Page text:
If we’re to have an electricity supply system largely based upon renewables we’re going to have to gain some demand shifting. Getting people to use electricity when it is in high supply rather than low, when the Sun’s shining, the wind blowing. The fun part of this is that this actually increases energy consumption:
Paying consumers to increase their consumption can reduce the cost of integrating wind and solar electricity production into the grid
Laura Mørch Andersen, Lars Gårn Hansen, Carsten Lynge Jensen, Frank Wolak 26 April 2019
Increased reliance on solar and wind power has changed the approach to managing peak demand. The column details the results of a Danish experiment designed to flatten demand in which customers were randomly assigned to receive rebates based on how much consumption they could shift between periods of the day. Asking customers to shift consumption to periods of low net demand would create daily cost savings of €100,000 for the utility in question. Paradoxically, demand-shifting reduces the need for installed generation capacity, but increases overall demand.
Demand response programmes have been used to reduce electricity consumption during peak periods. During these periods, utilities would either charge customers a higher price, or pay a rebate if they reduced their consumption below a baseline level. Utilities that use a demand response programme wisely reduce their annual peak demand.
Meeting a peak demand of 1,000 megawatts (MW) requires at least 1,000 MW of installed capacity. But if a demand response programme reduces the annual peak by 100 MW, then the installed capacity in the system can also be reduced by 100 MW. The utility can build and operate 100 MW less capacity to meet demand on an annual basis. It can then pass on these cost savings in the form of lower annual average prices.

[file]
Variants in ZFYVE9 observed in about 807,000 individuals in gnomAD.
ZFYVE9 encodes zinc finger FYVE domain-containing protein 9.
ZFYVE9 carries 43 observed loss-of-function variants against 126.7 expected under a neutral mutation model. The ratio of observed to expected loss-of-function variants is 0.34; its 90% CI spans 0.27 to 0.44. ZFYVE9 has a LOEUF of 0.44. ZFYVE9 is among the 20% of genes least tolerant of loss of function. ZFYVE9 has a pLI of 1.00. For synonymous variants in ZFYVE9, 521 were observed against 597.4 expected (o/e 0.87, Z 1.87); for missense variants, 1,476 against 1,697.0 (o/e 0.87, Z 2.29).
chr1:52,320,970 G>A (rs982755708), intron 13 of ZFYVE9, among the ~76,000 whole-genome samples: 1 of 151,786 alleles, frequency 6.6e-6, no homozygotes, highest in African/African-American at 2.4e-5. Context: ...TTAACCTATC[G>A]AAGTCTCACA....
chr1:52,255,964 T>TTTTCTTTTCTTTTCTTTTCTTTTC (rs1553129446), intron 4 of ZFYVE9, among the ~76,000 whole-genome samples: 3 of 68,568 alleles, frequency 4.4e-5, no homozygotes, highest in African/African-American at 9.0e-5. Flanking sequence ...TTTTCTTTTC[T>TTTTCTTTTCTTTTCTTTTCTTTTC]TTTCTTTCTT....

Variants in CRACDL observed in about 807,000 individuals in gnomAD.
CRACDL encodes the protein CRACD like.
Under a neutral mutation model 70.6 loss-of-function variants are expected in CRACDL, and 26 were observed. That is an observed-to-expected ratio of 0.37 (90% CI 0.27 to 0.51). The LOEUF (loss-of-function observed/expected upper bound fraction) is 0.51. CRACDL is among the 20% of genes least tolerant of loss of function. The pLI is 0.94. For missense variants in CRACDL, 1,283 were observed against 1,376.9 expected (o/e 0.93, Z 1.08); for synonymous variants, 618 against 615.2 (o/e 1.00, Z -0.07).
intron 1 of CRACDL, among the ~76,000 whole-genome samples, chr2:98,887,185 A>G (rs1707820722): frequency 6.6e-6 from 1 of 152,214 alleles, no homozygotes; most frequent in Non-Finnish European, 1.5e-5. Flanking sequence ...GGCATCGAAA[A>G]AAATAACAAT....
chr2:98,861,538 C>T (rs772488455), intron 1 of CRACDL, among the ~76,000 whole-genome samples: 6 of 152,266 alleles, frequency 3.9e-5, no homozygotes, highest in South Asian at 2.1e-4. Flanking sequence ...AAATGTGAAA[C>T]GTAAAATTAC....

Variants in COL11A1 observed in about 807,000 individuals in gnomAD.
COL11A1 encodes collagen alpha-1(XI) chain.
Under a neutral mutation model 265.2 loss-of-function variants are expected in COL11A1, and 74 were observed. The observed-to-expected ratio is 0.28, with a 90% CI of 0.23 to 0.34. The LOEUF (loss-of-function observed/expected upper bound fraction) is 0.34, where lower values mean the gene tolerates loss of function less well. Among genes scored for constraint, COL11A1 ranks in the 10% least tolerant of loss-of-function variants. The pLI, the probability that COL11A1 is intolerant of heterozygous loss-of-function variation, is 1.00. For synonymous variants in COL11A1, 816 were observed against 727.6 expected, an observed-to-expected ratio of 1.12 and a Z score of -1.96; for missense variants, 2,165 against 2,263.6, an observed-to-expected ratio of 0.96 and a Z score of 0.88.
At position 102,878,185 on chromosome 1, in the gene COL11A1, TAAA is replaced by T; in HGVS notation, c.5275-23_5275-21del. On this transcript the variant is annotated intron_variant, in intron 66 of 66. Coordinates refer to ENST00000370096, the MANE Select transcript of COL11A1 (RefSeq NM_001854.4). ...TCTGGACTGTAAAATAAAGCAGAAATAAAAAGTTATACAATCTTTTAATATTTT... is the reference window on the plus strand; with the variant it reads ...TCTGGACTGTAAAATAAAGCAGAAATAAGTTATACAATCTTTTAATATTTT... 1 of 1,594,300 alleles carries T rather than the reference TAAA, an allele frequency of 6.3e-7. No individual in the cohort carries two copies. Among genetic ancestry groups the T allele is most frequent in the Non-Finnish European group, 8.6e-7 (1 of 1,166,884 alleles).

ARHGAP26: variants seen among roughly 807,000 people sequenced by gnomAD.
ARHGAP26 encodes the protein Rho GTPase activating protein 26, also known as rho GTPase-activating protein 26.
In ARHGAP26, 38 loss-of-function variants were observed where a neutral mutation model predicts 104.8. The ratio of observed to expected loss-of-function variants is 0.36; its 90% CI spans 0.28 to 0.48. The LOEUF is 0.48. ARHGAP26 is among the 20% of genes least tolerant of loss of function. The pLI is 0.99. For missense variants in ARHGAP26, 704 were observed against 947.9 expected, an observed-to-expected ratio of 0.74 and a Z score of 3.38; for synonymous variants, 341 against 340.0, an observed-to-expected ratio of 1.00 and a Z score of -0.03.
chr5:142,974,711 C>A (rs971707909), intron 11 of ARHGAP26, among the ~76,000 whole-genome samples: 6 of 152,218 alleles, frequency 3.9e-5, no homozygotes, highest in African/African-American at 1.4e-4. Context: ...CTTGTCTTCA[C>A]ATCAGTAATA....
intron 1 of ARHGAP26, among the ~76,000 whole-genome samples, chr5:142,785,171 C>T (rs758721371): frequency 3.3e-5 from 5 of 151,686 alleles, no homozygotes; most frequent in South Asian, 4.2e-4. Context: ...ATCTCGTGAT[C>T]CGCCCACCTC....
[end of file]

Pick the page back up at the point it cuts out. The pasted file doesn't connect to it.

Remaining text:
Borenstein et al. (2002) provided a detailed analysis of the economic theory, practical implications, and empirical effectiveness of this approach to demand response. Faruqui and Sergici (2010) surveyed the results of 15 field experiments quantifying the price responsiveness of electricity demand.
Intermittent renewable sources such as wind and solar energy do not produce power on demand, but when weather conditions allow. Increased reliance on these intermittent renewable sources has changed the approach to managing peak demand.
With significant intermittent renewable generation capacity, peak demand is very unlikely to exceed the total installed generation capacity in a system. Instead, the demand response challenge is to match electricity demand to periods when intermittent renewable energy is being produced. This implies that utilities providing price signals for consumers to increase demand during these periods, shifting it away from periods when solar and wind are producing little or no electricity.
Figure 1 illustrates this point. The light blue line is the average demand in California during each five-minute interval on 1 April 2019. The red line is difference between this five-minute demand and five-minute wind and solar energy production – often referred to as net demand.
Figure 1 Average five-minute demand and net demand in California on 1 April 2019 (MW)
Source: Andersen et al. (2019).
High solar generation capacity in California means that net demand is lowest in the middle of the day. Net demand must be met by dispatchable generation units that can increase and decrease production in response to short-term price signals. In California, these are primarily natural gas-fired generation units.
As net demand drops in the middle of the day, many of these units must be turned on when at night to meet the rapid increase in net demand, and turned off in the morning when solar energy production increases. If consumers were given price signals to increase consumption in the middle of the day, causing demand to fall early and late in the day, net demand during the middle of the day would be higher, and net demand during the rest of the day would be lower.